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Engineers calculate arc flash exposure based on where the person is expected to be when performing work on electrical equipment, this is known as the working distance.

NFPA 70E 2024 defines Working Distance as "The distance between a person’s face and chest area and a prospective arc source."

When performing an arc flash evaluation, also known as an incident energy analysis, NFPA 70E 2024 130.5(G) states "The incident energy exposure level shall be based on the working distance of the employee’s face and chest areas from a prospective arc source for the specific task to be performed."

The further back you can get your face and chest from a source, the further the "working distance" and the safer you will be from an arc flash.

Take a look at the example label below, the incident energy calculated for this piece of equipment is 6.1 cal/cm^2 at 18" (18" is the working distance on this label):

18" is a very common working distance as it is the approximate length from the ends of your hands to your face and chest. What's important to note is that this label does not indicate the arc flash hazard if you are closer than 18", this would be the case if you were to move your face closer to the equipment to get a better look... Doing so would expose you to higher arc flash values than what is indicated on the label. If you are wearing an arc flash face shield and balaclava with a system rating to 8 cal/cm^2 you would want to reconsider positioning your face any closer than 18". Alternatively, if you were to move further back, the exposure would be less.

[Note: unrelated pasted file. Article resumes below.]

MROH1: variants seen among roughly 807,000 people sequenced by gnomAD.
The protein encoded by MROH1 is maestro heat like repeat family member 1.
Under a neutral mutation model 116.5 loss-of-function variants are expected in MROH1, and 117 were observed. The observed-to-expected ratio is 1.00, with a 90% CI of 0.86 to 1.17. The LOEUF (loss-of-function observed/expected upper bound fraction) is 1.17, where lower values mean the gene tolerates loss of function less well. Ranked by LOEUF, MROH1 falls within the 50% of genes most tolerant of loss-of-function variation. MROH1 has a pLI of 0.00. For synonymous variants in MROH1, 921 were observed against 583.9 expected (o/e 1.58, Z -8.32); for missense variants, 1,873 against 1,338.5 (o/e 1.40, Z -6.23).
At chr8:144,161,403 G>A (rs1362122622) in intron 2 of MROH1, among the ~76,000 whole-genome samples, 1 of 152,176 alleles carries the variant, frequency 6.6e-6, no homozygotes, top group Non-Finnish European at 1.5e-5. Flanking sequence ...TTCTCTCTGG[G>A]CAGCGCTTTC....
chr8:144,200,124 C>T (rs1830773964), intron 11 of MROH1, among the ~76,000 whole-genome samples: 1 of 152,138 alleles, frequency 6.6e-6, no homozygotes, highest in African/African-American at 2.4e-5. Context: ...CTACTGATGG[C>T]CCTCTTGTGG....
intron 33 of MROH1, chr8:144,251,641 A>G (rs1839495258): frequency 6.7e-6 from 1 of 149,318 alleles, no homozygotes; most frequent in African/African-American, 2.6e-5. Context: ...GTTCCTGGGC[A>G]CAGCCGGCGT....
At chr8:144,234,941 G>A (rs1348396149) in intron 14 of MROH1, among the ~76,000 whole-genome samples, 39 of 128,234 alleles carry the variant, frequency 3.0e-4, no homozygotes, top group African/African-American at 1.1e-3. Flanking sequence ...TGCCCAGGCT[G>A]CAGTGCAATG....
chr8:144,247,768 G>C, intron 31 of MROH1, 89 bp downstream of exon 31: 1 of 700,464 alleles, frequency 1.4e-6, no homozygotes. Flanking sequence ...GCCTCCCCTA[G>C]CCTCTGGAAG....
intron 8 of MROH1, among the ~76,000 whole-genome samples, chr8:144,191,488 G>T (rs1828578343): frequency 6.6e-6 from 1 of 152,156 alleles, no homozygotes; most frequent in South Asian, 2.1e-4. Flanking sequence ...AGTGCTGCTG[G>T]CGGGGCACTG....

Arc flash calculations can be performed at any working distance. Standard engineering software defaults to multiple working distances, such as:

  • Low voltage (600 V and below) MCC and panelboards - 18"
  • Low voltage (600 V and below) switchgear - 24"
  • Medium voltage (above 600 V) switchgear - 36"

Rozel typically uses a standard working distance of 18" for almost all types of equipment regardless if it is a 15A fused disconnect switch, an MCC, a Panelboard, a low voltage switchgear or a medium voltage switchgear. The reason is to avoid confusion. We have seen some of the most qualified electrical workers in the world make mistakes when reading a label, understanding what you need to wear is one thing but coupling it with where you need to stand is another. We understand that the standard working distances change based on physical characteristics of equipment and standard depths. However, we've also seen employees literally crawl into equipment to perform work. In this particular situation, you would want to perform additional calculations to understand exposure (by the way this was in a nuclear facility with some of the most stringent safety requirements in the country). We prefer to err on the side of caution.